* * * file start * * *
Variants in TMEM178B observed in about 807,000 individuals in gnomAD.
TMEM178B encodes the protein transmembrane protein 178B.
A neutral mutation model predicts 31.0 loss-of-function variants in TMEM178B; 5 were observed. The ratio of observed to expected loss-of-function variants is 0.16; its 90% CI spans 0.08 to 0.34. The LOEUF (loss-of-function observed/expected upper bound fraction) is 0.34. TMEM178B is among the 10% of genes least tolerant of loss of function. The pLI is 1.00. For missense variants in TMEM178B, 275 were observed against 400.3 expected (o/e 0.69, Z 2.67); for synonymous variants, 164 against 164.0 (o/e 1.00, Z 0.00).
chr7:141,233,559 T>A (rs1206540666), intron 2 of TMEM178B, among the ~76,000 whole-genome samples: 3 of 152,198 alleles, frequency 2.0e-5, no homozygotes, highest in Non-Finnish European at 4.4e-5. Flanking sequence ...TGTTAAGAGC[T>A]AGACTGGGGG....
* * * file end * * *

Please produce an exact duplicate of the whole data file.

Variants in TMEM178B observed in about 807,000 individuals in gnomAD.
TMEM178B encodes the protein transmembrane protein 178B.
A neutral mutation model predicts 31.0 loss-of-function variants in TMEM178B; 5 were observed. The ratio of observed to expected loss-of-function variants is 0.16; its 90% CI spans 0.08 to 0.34. The LOEUF (loss-of-function observed/expected upper bound fraction) is 0.34. TMEM178B is among the 10% of genes least tolerant of loss of function. The pLI is 1.00. For missense variants in TMEM178B, 275 were observed against 400.3 expected (o/e 0.69, Z 2.67); for synonymous variants, 164 against 164.0 (o/e 1.00, Z 0.00).
chr7:141,233,559 T>A (rs1206540666), intron 2 of TMEM178B, among the ~76,000 whole-genome samples: 3 of 152,198 alleles, frequency 2.0e-5, no homozygotes, highest in Non-Finnish European at 4.4e-5. Flanking sequence ...TGTTAAGAGC[T>A]AGACTGGGGG....